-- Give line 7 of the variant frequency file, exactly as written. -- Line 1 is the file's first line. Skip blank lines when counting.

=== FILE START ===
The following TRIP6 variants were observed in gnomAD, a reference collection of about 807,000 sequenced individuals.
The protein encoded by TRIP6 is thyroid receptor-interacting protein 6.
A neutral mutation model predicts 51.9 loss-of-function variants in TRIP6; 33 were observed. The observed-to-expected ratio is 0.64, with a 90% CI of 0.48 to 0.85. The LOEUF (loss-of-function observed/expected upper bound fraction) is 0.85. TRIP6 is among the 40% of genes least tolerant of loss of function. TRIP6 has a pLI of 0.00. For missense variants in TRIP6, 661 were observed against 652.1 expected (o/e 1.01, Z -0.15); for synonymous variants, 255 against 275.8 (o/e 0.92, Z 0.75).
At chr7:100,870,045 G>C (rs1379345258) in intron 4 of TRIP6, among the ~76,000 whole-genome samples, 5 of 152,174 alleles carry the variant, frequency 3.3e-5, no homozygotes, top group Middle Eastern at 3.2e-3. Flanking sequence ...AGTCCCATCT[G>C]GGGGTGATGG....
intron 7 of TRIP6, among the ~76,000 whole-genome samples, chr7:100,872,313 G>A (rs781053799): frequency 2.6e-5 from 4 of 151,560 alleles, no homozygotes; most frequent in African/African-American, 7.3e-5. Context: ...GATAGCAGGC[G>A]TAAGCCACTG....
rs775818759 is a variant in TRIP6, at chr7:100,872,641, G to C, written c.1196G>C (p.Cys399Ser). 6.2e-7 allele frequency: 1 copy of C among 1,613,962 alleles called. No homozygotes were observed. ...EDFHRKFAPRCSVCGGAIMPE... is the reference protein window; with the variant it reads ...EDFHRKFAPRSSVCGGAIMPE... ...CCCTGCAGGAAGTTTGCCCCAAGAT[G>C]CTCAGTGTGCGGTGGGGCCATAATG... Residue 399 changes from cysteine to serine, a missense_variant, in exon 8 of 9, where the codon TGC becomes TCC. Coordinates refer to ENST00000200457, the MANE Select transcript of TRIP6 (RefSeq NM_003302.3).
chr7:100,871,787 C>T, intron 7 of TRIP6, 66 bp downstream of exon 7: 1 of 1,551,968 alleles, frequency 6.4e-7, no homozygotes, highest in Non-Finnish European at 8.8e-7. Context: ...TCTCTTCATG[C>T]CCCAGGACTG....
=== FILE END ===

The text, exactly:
chr7:100,871,787 C>T, intron 7 of TRIP6, 66 bp downstream of exon 7: 1 of 1,551,968 alleles, frequency 6.4e-7, no homozygotes, highest in Non-Finnish European at 8.8e-7. Context: ...TCTCTTCATG[C>T]CCCAGGACTG....